Migraine sufferers also have a higher prevalence of diabetes, high blood pressure, heart disease and depression, according to the study.

Johannesburg - Worse than childbirth, worse than accidental amputation. A pain so acute, old medical books referred to the condition as the “suicide headache” because it was not uncommon that cluster headache sufferers would take their lives to escape it.

But a Joburg breakthrough in treating cluster headaches may offer an end to the pain, and a chance to live without the daily episodes that last between 45 minutes and two hours.

In an article published in the journal of the American Association of Oral and Maxillofacial Surgeons, Dr Elliot Shevel – the medical director of the Migraine Research Institute – described for the first time a treatment that targets the artery outside the brain responsible for the pain.

Cluster headaches are characterised by intense, shooting pain concentrated behind the eye, occurring several times a day for periods of months at a time that recur annually.

For years, sufferers were referred to neurologists, whose area of expertise was the inside of the brain.

The treatment Shevel describes involves the maxillary artery, which is outside the brain. The artery carries blood deep into facial structures.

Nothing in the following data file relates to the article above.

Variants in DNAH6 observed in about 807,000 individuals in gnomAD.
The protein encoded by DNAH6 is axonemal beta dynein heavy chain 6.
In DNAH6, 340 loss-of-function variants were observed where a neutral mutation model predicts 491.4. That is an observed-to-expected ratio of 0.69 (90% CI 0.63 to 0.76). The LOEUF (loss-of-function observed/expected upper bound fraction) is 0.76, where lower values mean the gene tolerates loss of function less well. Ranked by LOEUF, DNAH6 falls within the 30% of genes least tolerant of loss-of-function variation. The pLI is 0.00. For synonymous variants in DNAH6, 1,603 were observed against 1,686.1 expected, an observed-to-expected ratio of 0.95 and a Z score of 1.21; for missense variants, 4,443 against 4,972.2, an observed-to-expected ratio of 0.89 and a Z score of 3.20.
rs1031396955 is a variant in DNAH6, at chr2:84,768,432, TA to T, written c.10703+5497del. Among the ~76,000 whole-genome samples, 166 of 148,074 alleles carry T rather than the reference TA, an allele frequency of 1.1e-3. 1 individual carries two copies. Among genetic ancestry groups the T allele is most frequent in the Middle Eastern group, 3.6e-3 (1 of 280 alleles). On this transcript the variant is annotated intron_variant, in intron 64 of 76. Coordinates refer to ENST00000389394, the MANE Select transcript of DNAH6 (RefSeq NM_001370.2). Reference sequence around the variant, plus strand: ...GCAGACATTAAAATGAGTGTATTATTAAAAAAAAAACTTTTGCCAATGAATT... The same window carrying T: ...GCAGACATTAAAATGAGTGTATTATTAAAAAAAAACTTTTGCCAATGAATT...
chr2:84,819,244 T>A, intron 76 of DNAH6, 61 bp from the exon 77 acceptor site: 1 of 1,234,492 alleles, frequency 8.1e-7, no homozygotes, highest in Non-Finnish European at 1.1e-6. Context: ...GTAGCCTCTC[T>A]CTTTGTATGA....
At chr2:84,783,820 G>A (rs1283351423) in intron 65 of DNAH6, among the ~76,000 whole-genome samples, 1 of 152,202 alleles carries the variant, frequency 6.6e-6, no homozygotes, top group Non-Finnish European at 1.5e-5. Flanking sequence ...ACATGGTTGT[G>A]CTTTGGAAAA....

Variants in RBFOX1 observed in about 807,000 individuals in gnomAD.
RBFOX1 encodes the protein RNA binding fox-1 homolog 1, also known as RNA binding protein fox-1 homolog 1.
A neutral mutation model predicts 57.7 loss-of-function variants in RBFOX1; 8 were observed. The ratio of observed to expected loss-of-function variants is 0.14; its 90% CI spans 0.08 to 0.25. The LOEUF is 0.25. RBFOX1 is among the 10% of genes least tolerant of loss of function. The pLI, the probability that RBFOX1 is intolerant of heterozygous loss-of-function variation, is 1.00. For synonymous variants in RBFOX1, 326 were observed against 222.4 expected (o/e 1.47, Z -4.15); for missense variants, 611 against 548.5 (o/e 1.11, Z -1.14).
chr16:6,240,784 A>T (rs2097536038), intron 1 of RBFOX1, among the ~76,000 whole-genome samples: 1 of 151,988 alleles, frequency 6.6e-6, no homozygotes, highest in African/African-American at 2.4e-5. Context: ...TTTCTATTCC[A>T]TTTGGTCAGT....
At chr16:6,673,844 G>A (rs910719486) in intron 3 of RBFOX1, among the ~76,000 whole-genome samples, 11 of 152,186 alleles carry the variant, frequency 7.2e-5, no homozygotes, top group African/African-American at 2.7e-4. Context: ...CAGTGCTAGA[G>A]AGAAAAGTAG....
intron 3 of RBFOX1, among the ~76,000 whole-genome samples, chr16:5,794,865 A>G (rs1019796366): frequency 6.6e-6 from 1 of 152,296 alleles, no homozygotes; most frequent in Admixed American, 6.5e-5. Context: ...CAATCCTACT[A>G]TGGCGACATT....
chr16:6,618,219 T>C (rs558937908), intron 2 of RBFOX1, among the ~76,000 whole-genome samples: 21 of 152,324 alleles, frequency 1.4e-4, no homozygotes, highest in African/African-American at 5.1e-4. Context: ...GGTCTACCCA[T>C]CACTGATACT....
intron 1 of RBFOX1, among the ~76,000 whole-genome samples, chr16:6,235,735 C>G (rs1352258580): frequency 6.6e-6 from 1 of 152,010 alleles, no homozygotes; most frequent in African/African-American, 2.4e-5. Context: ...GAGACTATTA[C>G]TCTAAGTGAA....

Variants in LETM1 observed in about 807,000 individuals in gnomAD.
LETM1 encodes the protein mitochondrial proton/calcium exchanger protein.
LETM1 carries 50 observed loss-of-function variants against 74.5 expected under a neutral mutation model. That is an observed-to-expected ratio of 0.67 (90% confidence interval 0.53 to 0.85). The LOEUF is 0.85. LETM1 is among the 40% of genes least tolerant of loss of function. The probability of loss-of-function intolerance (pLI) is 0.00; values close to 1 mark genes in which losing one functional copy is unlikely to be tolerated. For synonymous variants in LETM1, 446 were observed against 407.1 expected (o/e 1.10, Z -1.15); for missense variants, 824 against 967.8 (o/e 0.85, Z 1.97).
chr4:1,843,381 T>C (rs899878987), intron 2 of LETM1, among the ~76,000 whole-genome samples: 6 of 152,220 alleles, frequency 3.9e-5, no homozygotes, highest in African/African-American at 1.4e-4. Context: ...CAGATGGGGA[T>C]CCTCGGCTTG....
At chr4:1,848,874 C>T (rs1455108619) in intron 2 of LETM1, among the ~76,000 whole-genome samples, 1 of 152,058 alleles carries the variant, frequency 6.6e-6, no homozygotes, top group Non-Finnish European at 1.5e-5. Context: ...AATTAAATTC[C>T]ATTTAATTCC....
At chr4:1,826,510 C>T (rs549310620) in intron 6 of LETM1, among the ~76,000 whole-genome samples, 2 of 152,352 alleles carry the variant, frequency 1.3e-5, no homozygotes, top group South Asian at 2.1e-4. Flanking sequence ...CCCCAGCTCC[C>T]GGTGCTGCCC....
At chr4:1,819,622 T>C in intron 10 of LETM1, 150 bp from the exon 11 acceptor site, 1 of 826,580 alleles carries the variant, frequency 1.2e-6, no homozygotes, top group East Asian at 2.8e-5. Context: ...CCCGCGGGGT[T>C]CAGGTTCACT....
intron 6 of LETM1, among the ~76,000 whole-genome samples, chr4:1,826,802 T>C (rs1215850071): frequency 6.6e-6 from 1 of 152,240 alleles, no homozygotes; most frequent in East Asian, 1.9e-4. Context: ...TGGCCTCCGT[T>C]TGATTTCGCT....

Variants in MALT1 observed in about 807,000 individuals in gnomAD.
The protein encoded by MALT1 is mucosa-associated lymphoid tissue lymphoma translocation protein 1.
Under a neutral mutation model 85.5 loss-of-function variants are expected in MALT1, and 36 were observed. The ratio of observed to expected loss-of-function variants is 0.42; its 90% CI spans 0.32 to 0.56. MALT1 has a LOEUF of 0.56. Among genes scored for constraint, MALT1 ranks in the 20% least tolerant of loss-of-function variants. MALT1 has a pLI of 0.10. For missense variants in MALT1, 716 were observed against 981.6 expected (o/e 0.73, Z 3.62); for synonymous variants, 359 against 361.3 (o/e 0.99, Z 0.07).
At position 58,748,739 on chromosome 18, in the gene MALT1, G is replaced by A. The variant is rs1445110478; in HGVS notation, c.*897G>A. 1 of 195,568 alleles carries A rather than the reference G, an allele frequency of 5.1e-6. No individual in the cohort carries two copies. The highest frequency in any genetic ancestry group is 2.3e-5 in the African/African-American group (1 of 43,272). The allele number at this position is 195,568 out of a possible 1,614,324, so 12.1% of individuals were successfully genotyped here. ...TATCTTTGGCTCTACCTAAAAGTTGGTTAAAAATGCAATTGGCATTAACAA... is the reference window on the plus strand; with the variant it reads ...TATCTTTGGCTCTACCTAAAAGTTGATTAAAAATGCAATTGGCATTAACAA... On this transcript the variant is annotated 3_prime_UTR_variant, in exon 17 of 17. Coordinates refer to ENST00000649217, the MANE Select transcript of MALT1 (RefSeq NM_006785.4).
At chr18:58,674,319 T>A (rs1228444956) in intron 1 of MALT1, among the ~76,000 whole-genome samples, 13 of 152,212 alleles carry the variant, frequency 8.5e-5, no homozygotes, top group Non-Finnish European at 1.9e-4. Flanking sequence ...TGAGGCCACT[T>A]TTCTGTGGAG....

The study showed that patients who were having a cluster headache attack felt the pain dissipate as the doctor applied pressure to the artery, which can be reached at the back of the mouth. The treatment involves minimally intrusive surgeryto cauterise the maxillary artery.


Because it is a positive diagnosis, there is no hit or miss or guesswork, said Daniel Shevel, managing director of the MRI.

A positive diagnosis means that the treatment directly results in the pain subsiding.

Less than one percent of people suffer from cluster headaches.

“It’s terrifying to behold the blind panic of someone who realises they’re about to have an attack, it looks like someone in a horror movie.This is the only medically documented way of stopping the pain,” Daniel said. - The Star